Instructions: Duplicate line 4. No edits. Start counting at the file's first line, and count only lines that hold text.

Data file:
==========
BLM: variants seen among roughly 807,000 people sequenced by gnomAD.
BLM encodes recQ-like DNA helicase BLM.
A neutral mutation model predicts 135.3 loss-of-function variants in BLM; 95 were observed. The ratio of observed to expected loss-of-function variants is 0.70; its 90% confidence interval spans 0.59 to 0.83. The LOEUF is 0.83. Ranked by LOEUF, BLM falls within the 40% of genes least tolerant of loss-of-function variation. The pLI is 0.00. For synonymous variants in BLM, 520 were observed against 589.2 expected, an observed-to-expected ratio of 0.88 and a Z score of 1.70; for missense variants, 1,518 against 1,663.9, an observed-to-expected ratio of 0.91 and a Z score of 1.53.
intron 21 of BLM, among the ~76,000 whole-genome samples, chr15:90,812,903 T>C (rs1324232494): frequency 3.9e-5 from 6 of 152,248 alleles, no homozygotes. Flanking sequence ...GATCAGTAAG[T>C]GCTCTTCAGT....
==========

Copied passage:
intron 21 of BLM, among the ~76,000 whole-genome samples, chr15:90,812,903 T>C (rs1324232494): frequency 3.9e-5 from 6 of 152,248 alleles, no homozygotes. Flanking sequence ...GATCAGTAAG[T>C]GCTCTTCAGT....